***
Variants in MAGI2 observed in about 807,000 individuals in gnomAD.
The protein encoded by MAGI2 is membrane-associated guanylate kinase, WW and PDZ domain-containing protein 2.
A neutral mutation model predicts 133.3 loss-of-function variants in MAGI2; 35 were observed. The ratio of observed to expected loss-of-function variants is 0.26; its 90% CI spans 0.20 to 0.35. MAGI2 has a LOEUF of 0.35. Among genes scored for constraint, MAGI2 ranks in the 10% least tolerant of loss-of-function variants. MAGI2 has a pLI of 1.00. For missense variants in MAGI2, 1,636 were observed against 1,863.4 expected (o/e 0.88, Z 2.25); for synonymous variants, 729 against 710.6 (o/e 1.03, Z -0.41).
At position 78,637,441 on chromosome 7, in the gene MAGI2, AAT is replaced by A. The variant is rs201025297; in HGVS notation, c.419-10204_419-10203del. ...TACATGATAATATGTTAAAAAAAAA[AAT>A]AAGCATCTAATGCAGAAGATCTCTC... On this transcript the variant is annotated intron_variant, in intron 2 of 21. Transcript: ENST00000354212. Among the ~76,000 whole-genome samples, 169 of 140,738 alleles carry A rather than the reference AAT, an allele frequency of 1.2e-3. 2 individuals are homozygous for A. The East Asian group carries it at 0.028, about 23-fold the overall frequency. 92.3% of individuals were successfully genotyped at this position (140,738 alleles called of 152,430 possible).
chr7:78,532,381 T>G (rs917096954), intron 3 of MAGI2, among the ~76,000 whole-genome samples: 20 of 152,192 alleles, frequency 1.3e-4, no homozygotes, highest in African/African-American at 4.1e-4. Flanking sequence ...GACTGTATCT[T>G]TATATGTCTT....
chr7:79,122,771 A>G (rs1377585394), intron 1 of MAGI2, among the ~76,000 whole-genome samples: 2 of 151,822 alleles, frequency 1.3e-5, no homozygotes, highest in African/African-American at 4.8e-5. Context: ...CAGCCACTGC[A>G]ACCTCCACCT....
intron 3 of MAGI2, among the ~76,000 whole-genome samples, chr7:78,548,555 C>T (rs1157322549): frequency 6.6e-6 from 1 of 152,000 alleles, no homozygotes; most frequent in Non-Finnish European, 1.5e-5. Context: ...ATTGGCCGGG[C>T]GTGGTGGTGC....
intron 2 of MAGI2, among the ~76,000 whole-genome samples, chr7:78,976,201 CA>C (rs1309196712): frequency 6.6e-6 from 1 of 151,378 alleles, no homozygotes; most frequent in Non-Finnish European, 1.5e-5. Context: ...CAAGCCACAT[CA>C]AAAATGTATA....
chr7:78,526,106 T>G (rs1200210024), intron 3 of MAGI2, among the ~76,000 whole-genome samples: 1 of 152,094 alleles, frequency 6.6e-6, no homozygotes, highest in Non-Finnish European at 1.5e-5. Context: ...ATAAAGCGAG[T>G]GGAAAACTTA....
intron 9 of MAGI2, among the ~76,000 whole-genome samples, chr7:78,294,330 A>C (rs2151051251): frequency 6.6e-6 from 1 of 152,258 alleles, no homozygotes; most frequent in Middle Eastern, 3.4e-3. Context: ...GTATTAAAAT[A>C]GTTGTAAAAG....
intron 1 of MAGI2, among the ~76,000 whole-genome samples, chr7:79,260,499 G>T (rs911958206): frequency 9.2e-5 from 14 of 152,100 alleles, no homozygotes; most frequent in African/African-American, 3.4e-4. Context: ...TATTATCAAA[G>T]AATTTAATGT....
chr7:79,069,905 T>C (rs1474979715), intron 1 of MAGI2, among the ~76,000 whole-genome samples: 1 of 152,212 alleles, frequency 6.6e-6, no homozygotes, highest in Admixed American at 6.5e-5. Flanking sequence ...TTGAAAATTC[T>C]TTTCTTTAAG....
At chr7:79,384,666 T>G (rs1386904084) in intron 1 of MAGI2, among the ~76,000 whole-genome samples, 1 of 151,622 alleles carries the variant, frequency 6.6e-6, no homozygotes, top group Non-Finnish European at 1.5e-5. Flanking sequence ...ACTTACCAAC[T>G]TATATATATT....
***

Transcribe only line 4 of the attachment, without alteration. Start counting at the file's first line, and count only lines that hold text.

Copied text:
At position 78,637,441 on chromosome 7, in the gene MAGI2, AAT is replaced by A. The variant is rs201025297; in HGVS notation, c.419-10204_419-10203del. ...TACATGATAATATGTTAAAAAAAAA[AAT>A]AAGCATCTAATGCAGAAGATCTCTC... On this transcript the variant is annotated intron_variant, in intron 2 of 21. Transcript: ENST00000354212. Among the ~76,000 whole-genome samples, 169 of 140,738 alleles carry A rather than the reference AAT, an allele frequency of 1.2e-3. 2 individuals are homozygous for A. The East Asian group carries it at 0.028, about 23-fold the overall frequency. 92.3% of individuals were successfully genotyped at this position (140,738 alleles called of 152,430 possible).